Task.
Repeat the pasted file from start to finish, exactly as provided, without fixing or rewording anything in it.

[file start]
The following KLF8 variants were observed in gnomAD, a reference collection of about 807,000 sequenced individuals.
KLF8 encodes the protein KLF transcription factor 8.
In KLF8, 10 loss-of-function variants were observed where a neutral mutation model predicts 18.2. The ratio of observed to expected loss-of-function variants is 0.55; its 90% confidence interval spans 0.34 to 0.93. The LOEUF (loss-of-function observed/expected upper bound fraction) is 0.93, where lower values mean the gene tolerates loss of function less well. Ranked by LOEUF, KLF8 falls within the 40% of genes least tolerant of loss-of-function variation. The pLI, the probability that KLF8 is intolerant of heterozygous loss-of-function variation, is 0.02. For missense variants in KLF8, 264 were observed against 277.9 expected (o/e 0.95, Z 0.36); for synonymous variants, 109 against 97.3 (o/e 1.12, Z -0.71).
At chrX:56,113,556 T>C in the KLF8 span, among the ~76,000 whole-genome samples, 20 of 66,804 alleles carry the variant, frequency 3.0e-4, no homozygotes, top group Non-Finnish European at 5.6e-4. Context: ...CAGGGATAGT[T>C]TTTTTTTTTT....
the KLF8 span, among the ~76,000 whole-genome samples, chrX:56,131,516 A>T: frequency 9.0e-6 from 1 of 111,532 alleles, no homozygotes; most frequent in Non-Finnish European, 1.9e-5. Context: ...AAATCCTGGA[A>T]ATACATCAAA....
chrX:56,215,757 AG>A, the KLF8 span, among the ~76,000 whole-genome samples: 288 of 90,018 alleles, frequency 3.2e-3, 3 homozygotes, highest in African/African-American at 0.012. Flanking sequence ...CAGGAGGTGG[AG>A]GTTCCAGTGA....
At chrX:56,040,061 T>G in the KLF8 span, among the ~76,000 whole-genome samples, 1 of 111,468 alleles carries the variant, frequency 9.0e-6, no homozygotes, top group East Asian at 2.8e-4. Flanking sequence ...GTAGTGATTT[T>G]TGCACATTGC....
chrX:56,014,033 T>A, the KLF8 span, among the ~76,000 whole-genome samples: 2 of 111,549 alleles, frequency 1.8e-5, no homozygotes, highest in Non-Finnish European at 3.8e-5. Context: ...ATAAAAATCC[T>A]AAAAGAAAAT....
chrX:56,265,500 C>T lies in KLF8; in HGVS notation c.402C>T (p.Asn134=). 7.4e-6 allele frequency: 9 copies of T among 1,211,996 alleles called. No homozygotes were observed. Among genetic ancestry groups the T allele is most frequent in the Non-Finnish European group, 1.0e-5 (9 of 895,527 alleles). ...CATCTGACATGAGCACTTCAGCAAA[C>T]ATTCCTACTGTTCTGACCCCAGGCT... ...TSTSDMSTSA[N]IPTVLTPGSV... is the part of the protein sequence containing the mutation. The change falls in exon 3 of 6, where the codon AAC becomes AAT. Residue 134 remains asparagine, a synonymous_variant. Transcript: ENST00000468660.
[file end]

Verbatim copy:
The following KLF8 variants were observed in gnomAD, a reference collection of about 807,000 sequenced individuals.
KLF8 encodes the protein KLF transcription factor 8.
In KLF8, 10 loss-of-function variants were observed where a neutral mutation model predicts 18.2. The ratio of observed to expected loss-of-function variants is 0.55; its 90% confidence interval spans 0.34 to 0.93. The LOEUF (loss-of-function observed/expected upper bound fraction) is 0.93, where lower values mean the gene tolerates loss of function less well. Ranked by LOEUF, KLF8 falls within the 40% of genes least tolerant of loss-of-function variation. The pLI, the probability that KLF8 is intolerant of heterozygous loss-of-function variation, is 0.02. For missense variants in KLF8, 264 were observed against 277.9 expected (o/e 0.95, Z 0.36); for synonymous variants, 109 against 97.3 (o/e 1.12, Z -0.71).
At chrX:56,113,556 T>C in the KLF8 span, among the ~76,000 whole-genome samples, 20 of 66,804 alleles carry the variant, frequency 3.0e-4, no homozygotes, top group Non-Finnish European at 5.6e-4. Context: ...CAGGGATAGT[T>C]TTTTTTTTTT....
the KLF8 span, among the ~76,000 whole-genome samples, chrX:56,131,516 A>T: frequency 9.0e-6 from 1 of 111,532 alleles, no homozygotes; most frequent in Non-Finnish European, 1.9e-5. Context: ...AAATCCTGGA[A>T]ATACATCAAA....
chrX:56,215,757 AG>A, the KLF8 span, among the ~76,000 whole-genome samples: 288 of 90,018 alleles, frequency 3.2e-3, 3 homozygotes, highest in African/African-American at 0.012. Flanking sequence ...CAGGAGGTGG[AG>A]GTTCCAGTGA....
At chrX:56,040,061 T>G in the KLF8 span, among the ~76,000 whole-genome samples, 1 of 111,468 alleles carries the variant, frequency 9.0e-6, no homozygotes, top group East Asian at 2.8e-4. Flanking sequence ...GTAGTGATTT[T>G]TGCACATTGC....
chrX:56,014,033 T>A, the KLF8 span, among the ~76,000 whole-genome samples: 2 of 111,549 alleles, frequency 1.8e-5, no homozygotes, highest in Non-Finnish European at 3.8e-5. Context: ...ATAAAAATCC[T>A]AAAAGAAAAT....
chrX:56,265,500 C>T lies in KLF8; in HGVS notation c.402C>T (p.Asn134=). 7.4e-6 allele frequency: 9 copies of T among 1,211,996 alleles called. No homozygotes were observed. Among genetic ancestry groups the T allele is most frequent in the Non-Finnish European group, 1.0e-5 (9 of 895,527 alleles). ...CATCTGACATGAGCACTTCAGCAAA[C>T]ATTCCTACTGTTCTGACCCCAGGCT... ...TSTSDMSTSA[N]IPTVLTPGSV... is the part of the protein sequence containing the mutation. The change falls in exon 3 of 6, where the codon AAC becomes AAT. Residue 134 remains asparagine, a synonymous_variant. Transcript: ENST00000468660.